THE D_TRB REVIEW: Bentley Continental Supersports
Behind the wheel of the fastest road-going Bentley ever, the 209mph (and 700bhp) Supersports
One minute you’re doing the Times crossword in the drawing room of Downton Abbey, soothing chamber music wafting across the hearth. Next minute an earthquake opens up a fault line the size of the Danube right beneath the foundations and your stomach tries to exit through your mouth as you plummet directly to the centre of the earth.
That’s what it feels like when you push pedal to pile in the new Continental Supersports, the fastest road-going Bentley ever. Capable of zero to 62mph in 3.5 seconds and a colossal 209mph flat out, the SS offers genuine supercar performance, but it’s the fact that it’s all served up with such serenity that makes it all the more incredible. There’s not a supercar in the world that offers this kind of refinement, or another 2.3-tonne four-seat luxury behemoth that pulls off going fast so well.
Everything about the Supersports involves a colossal number, from the £213k/$293k price to the 500 litres per second of air the engine breathes in at full chat. Bentley spent two years perfecting a package that offers 77bhp more grunt than an already rapid GT Speed, and more performance than 2015’s limited run GT3-R. There are new turbochargers and a revised intake to liberate 700bhp (710PS) and 750b ft (1017Nm) from the 6.0-litre W12. And, to capture it all, carbon discs all round, the 420mm fronts of which are claimed to be the world’s largest on a production car, and capable of withstanding 1000C. That’s the temperature of molten lava.
And probably not far off the temperature of the front tyres after we’d finished our laps at the old Estoril Formula 1 track in Portugal. Better suited to a Boxster than a Bentley, this circuit’s medley of tight corners only served to cruelly highlight just how much mass you’re trying to tame. Even with brake-based torque vectoring making its first appearance on a W12 Conti giving some turn-in assistance, and 40kg saved from the GT Speed’s kerb weight, this isn't a car you can take liberties with. Get sloppy with your braking and turn-in points and things quickly get messy. That’s not to say you can’t hustle it. Stay smooth, stay focused on the timing of your every input and you’re left with respect for what it can do. But not much inclination to keep lapping.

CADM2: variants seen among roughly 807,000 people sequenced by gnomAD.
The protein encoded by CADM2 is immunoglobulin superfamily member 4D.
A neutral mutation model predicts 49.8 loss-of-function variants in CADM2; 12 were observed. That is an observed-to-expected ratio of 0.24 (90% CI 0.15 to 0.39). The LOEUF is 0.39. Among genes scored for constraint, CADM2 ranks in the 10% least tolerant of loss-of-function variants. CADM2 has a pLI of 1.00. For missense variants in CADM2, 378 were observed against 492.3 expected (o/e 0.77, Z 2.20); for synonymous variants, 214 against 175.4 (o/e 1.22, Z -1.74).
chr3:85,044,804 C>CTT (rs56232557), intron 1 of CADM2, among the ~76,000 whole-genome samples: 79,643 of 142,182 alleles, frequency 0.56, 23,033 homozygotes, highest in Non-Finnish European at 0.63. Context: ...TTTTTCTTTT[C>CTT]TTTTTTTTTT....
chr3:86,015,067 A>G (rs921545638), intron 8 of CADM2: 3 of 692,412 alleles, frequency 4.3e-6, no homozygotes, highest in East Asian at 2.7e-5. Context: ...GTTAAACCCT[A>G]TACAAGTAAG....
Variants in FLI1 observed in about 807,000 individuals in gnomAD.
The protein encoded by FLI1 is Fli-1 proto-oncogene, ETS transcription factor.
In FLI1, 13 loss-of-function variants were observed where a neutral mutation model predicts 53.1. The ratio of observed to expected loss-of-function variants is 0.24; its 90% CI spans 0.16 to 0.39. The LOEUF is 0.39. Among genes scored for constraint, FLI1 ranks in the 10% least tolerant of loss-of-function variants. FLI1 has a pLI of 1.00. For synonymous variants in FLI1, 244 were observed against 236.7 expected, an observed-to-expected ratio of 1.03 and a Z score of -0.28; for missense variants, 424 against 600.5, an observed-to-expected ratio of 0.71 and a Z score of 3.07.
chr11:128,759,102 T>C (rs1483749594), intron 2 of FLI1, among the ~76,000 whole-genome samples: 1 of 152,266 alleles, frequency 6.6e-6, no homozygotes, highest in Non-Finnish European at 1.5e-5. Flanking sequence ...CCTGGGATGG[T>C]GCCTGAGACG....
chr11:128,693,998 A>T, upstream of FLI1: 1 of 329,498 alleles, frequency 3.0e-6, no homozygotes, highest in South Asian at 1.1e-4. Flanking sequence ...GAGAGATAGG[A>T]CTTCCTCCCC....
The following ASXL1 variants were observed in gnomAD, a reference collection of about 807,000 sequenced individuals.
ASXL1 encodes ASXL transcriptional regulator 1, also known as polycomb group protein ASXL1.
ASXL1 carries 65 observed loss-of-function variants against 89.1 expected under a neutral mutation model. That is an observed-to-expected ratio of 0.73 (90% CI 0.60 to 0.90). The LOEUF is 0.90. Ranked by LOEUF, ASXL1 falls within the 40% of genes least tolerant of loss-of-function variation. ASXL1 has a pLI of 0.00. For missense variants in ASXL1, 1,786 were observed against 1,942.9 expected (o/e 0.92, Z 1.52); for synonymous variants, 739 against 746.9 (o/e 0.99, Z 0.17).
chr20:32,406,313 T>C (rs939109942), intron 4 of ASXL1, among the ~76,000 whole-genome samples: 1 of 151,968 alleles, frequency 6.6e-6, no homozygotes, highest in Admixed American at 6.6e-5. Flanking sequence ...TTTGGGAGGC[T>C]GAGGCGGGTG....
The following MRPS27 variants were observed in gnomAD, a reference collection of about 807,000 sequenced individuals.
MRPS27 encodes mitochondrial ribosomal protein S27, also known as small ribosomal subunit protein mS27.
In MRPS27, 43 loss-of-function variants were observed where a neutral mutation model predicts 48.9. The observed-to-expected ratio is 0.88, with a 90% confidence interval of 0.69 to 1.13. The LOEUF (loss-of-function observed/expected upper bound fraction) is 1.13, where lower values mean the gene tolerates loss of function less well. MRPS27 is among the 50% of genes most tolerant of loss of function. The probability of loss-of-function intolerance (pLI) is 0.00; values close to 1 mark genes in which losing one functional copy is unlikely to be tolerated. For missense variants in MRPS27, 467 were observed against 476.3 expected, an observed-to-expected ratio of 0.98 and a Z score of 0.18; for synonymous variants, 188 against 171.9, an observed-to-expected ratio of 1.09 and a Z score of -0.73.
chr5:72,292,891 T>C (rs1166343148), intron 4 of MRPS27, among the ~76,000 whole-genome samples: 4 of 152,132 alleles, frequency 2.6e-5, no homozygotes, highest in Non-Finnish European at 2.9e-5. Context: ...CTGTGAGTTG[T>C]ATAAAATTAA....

On the road though, the only place that really matters, it’s a different story. The titanic straight-line performance that shrank Estoril’s long back straight expands overtaking opportunities. They’re everywhere in a car like this, and when you pull back in after dispatching five cars and lift off the gas for that right hander ahead, the W12 pops and bangs like a two-stroke grand prix bike whose voice has just broken.
There’s some pitching under hard braking, and the steering is pretty leisurely by modern standards. But test the Supersports with a left-right transition on a decent road, and it really holds together. There’s a precision to the steering and a quality of body control you didn’t expect. And the kind of refinement you absolutely did, but can’t usually find allied to this kind of performance. It cruises silently, glides over imperfections and seats four. This is still a Bentley.
This isn’t the best-looking Conti, even minus the trashy two-tone point option or optional fixed rear spoiler. A GT Speed is less fussy, still hugely quick and costs £44k less. But if you have deep pockets and want a Bentley coupe (or convertible) that represents the best of everything Crewe can do, this is it.